|University of Kentucky Entomology|
FALL ARMYWORM IN CORN
Ric Bessin, Extension Entomologist
University of Kentucky College of Agriculture
Fall armyworm can be one of the more difficult insect pests to control in field corn. Late planted fields and later maturing hybrids are more likely to become infested. Fall armyworm causes serious leaf feeding damage as well as direct injury to the ear. While fall armyworms can damage corn plants in nearly all stages of development, it will concentrate on later plantings that have not yet silked. Like European corn borer, fall armyworm can only be effectively controlled while the larvae are small. Early detection and proper timing of an insecticide application are critical.
The corn earworm has a orange-brown head, while the armyworm has a brown head with dark honeycombed markings. Fall armyworm has four dark spots arranged in a square on top of the eighth abdominal segment.
Very early symptoms of fall armyworm resemble European corn borer infestation. Small holes and "window pane" feeding in the leaves emerging from the whorl are common. Although initial symptoms of damage are similar, thresholds and control measures differ. Therefore it is important to find the live larvae and determine which insect is causing the damage. Unlike armyworm, fall armyworm feeds during the day and night, but are usually most active in the morning or late afternoon.
Corn growers should pay close attention to late planted fields or fields with a history of these problems. Problems are usually associated fields planted after June 1. Early detection of infestations will allow for more effective control of this pest. If present in damaging numbers in the field, it must be controlled while the larvae are still small. Finding an infestation after it is too late to obtain good control is a serious and common problem. Because fall armyworm prefers whorl stage corn, late planted fields should be given a high priority when scouting.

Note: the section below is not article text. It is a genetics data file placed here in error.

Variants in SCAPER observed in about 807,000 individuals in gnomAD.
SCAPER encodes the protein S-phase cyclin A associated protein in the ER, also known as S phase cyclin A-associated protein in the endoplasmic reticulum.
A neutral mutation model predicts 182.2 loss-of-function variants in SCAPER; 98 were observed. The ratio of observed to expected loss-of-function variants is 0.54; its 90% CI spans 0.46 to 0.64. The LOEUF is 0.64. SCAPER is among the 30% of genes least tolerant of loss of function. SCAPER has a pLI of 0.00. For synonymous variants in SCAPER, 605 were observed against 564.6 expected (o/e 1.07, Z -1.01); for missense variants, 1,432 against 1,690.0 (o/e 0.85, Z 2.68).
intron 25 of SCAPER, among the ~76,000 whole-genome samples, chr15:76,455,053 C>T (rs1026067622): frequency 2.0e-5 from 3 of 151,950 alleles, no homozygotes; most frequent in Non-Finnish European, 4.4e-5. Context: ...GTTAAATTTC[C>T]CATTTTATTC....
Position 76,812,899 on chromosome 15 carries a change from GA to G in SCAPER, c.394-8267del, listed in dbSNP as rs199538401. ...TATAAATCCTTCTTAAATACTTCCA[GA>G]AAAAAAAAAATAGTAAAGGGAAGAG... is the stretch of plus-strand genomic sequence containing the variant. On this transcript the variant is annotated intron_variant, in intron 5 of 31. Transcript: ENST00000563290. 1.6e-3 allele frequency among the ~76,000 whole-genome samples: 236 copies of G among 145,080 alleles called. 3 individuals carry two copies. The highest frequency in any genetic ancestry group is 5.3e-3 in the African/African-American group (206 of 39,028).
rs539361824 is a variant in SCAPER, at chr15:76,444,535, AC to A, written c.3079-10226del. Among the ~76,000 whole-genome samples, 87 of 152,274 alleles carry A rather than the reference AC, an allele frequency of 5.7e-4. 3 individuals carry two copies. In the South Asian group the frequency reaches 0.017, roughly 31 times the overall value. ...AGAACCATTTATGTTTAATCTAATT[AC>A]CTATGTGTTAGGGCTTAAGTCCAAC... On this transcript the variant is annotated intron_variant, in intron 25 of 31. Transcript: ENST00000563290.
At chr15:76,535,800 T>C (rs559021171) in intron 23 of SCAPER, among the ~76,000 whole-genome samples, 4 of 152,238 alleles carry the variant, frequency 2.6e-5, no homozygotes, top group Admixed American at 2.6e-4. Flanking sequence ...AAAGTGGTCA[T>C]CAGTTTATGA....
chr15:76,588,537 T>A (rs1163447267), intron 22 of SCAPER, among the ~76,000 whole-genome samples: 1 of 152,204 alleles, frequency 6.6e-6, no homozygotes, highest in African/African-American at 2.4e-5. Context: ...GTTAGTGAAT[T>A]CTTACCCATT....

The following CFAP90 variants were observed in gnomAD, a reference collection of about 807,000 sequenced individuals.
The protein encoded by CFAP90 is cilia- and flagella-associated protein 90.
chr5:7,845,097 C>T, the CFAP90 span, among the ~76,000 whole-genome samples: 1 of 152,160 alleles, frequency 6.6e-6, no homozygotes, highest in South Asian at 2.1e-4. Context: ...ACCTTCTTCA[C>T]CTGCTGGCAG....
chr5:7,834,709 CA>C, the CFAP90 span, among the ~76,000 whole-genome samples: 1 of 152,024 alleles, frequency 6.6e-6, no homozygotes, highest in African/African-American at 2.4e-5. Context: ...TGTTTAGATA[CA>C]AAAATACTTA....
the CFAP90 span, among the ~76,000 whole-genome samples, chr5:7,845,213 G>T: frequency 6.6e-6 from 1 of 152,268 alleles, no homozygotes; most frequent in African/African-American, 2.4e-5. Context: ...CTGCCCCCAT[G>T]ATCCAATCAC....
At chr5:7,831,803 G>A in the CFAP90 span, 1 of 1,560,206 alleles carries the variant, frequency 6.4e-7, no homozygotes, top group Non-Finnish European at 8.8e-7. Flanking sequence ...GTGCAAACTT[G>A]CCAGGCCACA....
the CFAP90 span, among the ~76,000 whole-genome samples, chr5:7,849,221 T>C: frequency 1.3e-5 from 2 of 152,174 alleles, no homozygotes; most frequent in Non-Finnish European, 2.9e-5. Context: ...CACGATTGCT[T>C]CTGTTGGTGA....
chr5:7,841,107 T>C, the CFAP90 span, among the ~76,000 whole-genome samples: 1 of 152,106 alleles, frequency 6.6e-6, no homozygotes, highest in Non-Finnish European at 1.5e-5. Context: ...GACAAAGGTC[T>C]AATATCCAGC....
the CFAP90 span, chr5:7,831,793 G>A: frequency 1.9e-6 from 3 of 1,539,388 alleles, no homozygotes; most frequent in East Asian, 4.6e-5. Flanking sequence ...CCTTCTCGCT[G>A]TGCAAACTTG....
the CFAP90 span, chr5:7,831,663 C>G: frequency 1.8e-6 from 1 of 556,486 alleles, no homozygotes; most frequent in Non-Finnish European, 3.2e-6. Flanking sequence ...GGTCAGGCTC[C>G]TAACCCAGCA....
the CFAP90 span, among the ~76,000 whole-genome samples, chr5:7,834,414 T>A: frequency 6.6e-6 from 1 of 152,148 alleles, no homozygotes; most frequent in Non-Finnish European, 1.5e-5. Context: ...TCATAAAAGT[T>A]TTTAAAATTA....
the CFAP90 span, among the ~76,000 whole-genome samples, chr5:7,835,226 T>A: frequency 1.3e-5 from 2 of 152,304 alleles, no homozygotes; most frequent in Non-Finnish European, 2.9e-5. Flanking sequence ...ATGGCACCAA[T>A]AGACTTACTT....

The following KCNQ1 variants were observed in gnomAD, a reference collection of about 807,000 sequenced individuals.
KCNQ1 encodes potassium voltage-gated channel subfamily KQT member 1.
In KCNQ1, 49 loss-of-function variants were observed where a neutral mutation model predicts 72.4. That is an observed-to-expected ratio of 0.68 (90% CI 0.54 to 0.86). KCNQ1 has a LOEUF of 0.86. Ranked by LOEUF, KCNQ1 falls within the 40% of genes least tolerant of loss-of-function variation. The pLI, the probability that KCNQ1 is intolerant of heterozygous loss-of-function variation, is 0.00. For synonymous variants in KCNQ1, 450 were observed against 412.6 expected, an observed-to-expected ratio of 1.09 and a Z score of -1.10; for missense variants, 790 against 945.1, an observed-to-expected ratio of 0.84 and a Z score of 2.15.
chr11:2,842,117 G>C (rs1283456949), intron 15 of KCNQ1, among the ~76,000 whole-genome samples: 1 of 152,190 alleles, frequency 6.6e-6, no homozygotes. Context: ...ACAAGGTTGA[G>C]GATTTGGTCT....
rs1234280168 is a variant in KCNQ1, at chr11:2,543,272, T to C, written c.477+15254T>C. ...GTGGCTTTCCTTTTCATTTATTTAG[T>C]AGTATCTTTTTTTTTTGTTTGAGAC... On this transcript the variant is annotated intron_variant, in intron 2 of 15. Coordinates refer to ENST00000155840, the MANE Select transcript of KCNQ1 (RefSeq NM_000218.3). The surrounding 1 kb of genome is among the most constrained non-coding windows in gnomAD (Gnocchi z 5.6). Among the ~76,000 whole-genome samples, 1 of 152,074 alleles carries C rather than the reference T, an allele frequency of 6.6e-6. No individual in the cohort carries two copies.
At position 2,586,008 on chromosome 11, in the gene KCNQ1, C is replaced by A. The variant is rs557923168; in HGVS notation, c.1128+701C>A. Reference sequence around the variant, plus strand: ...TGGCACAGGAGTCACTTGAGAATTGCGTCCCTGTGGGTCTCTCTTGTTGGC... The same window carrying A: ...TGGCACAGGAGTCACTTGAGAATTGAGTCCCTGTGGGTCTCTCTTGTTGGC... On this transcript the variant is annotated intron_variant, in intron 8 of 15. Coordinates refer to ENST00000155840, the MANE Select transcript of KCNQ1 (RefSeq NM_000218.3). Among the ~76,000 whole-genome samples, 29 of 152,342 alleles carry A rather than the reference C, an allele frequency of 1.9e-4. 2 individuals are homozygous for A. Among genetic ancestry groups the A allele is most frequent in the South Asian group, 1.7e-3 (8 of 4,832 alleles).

Begin checking corn in mid-June for fall armyworm activity. Survey 20 consecutive plants (selecting the first randomly) from at least 5 locations in the field. Small larvae cause "window pane" damage to leaves similar to European corn borer. A few days before tasseling, look for large larvae in the whorls which will be pushed out when the tassels emerge. These larvae may attack young ears. Continue to check for this insect until silks begin to dry. Pheromone traps are also used to monitor this insect in sweet corn.
Control needs to be considered when egg masses are present on 5% of the plants or when 25% of the plants show damage symptoms and live larvae are still present. Controlling larger larvae, typically after they are hidden under the frass plug, will be much more difficult.
Treatments must be applied before larvae burrow deep into the whorl or enter ears of more mature plants. Insecticide applications by ground rig using at least 30 gallons per acre and high pressure will give the best results. In pretassel corn, direct spray directly over the whorl.
There is some suppression of fall armyworm larvae with some types of Bt corn such as the YieldGard and to a lesser extent Knockout/NatureGard. Herculex does provide the best fall armyworm control among the different types of Bt corn. However, with later planting dates (after June 1) and high fall armyworm levels, all Bt corn hybrids will need to be monitored for fall armyworm activity and treated with an insecticide according to the above economic threshold.
CAUTION! Pesticide recommendations in this publication are registered for use in Kentucky, USA ONLY! The use of some products may not be legal in your state or country. Please check with your local county agent or regulatory official before using any pesticide mentioned in this publication.
Of course, ALWAYS READ AND FOLLOW LABEL DIRECTIONS FOR SAFE USE OF ANY PESTICIDE!
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